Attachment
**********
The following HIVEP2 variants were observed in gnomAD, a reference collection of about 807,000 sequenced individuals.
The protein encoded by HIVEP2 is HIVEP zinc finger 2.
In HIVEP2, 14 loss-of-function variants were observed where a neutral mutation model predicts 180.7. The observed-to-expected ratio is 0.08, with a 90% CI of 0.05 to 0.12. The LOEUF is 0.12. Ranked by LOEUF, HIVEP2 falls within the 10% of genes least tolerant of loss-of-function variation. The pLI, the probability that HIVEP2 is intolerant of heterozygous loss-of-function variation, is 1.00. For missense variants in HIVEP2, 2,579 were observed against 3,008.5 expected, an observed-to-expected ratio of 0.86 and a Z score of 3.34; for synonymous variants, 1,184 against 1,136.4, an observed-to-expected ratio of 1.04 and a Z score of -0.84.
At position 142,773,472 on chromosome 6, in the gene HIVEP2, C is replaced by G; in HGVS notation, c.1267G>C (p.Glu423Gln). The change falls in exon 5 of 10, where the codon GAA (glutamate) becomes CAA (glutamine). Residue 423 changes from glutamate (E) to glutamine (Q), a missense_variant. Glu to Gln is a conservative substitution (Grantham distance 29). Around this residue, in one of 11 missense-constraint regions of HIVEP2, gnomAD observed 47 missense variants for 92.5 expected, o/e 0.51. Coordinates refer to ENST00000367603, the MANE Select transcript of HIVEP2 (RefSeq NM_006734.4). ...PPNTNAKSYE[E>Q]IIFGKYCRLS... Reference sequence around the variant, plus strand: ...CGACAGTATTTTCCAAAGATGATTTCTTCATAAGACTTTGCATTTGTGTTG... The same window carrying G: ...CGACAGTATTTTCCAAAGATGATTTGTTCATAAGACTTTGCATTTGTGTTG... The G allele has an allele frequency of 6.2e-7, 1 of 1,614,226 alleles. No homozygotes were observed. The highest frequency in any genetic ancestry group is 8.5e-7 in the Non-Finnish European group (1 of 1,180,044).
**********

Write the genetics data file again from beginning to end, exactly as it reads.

The following HIVEP2 variants were observed in gnomAD, a reference collection of about 807,000 sequenced individuals.
The protein encoded by HIVEP2 is HIVEP zinc finger 2.
In HIVEP2, 14 loss-of-function variants were observed where a neutral mutation model predicts 180.7. The observed-to-expected ratio is 0.08, with a 90% CI of 0.05 to 0.12. The LOEUF is 0.12. Ranked by LOEUF, HIVEP2 falls within the 10% of genes least tolerant of loss-of-function variation. The pLI, the probability that HIVEP2 is intolerant of heterozygous loss-of-function variation, is 1.00. For missense variants in HIVEP2, 2,579 were observed against 3,008.5 expected, an observed-to-expected ratio of 0.86 and a Z score of 3.34; for synonymous variants, 1,184 against 1,136.4, an observed-to-expected ratio of 1.04 and a Z score of -0.84.
At position 142,773,472 on chromosome 6, in the gene HIVEP2, C is replaced by G; in HGVS notation, c.1267G>C (p.Glu423Gln). The change falls in exon 5 of 10, where the codon GAA (glutamate) becomes CAA (glutamine). Residue 423 changes from glutamate (E) to glutamine (Q), a missense_variant. Glu to Gln is a conservative substitution (Grantham distance 29). Around this residue, in one of 11 missense-constraint regions of HIVEP2, gnomAD observed 47 missense variants for 92.5 expected, o/e 0.51. Coordinates refer to ENST00000367603, the MANE Select transcript of HIVEP2 (RefSeq NM_006734.4). ...PPNTNAKSYE[E>Q]IIFGKYCRLS... Reference sequence around the variant, plus strand: ...CGACAGTATTTTCCAAAGATGATTTCTTCATAAGACTTTGCATTTGTGTTG... The same window carrying G: ...CGACAGTATTTTCCAAAGATGATTTGTTCATAAGACTTTGCATTTGTGTTG... The G allele has an allele frequency of 6.2e-7, 1 of 1,614,226 alleles. No homozygotes were observed. The highest frequency in any genetic ancestry group is 8.5e-7 in the Non-Finnish European group (1 of 1,180,044).